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CoQ10 Deficient Endothelial Cell Culture Model for the Investigation of CoQ10 Blood-Brain Barrier Transport

Research output: Contribution to journalArticlepeer-review

Luke Wainwright, Iain P. Hargreaves, Ana R Georgian, Charles Turner, R. Neil Dalton, N Joan Abbott, Simon Heales, Jane E Preston

Original languageEnglish
Pages (from-to)E3236
Number of pages21
JournalJournal of Clinical Medicine
Volume9
Issue number10
DOIs
Published10 Oct 2020

King's Authors

Abstract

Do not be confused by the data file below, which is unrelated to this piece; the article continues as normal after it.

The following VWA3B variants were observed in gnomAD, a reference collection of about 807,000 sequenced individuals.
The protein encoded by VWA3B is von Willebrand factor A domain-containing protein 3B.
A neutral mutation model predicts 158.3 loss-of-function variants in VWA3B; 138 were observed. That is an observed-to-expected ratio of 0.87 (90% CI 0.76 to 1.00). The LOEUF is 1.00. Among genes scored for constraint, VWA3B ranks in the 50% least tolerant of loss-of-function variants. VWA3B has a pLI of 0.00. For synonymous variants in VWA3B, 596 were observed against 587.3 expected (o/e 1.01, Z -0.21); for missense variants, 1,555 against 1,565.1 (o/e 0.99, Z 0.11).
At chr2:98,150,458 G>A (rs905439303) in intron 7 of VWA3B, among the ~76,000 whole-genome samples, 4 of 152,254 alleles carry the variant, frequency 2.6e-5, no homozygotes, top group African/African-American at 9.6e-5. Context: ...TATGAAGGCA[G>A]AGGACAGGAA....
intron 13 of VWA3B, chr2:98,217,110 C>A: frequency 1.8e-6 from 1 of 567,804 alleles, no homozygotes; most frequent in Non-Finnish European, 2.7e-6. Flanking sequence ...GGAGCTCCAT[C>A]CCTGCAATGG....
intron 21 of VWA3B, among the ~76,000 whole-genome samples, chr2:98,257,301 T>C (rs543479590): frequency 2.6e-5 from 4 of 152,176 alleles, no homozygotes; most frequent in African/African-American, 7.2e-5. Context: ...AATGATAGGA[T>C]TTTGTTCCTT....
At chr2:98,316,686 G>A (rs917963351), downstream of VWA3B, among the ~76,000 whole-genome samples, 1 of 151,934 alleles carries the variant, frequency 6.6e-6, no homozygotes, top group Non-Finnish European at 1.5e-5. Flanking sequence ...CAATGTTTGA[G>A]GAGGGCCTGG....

Primary coenzyme Q10 (CoQ10) deficiency is unique among mitochondrial respiratory chain disorders in that it is potentially treatable if high-dose CoQ10 supplements are given in the early stages of the disease. While supplements improve peripheral abnormalities, neurological symptoms are only partially or temporarily ameliorated. The reasons for this refractory response to CoQ10 supplementation are unclear, however, a contributory factor may be the poor transfer of CoQ10 across the blood-brain barrier (BBB). The aim of this study was to investigate mechanisms of CoQ10 transport across the BBB, using normal and pathophysiological (CoQ10 deficient) cell culture models. The study identifies lipoprotein-associated CoQ10 transcytosis in both directions across the in vitro BBB. Uptake via SR-B1 (Scavenger Receptor) and RAGE (Receptor for Advanced Glycation Endproducts), is matched by efflux via LDLR (Low Density Lipoprotein Receptor) transporters, resulting in no "net" transport across the BBB. In the CoQ10 deficient model, BBB tight junctions were disrupted and CoQ10 "net" transport to the brain side increased. The addition of anti-oxidants did not improve CoQ10 uptake to the brain side. This study is the first to generate in vitro BBB endothelial cell models of CoQ10 deficiency, and the first to identify lipoprotein-associated uptake and efflux mechanisms regulating CoQ10 distribution across the BBB. The results imply that the uptake of exogenous CoQ10 into the brain might be improved by the administration of LDLR inhibitors, or by interventions to stimulate luminal activity of SR-B1 transporters.

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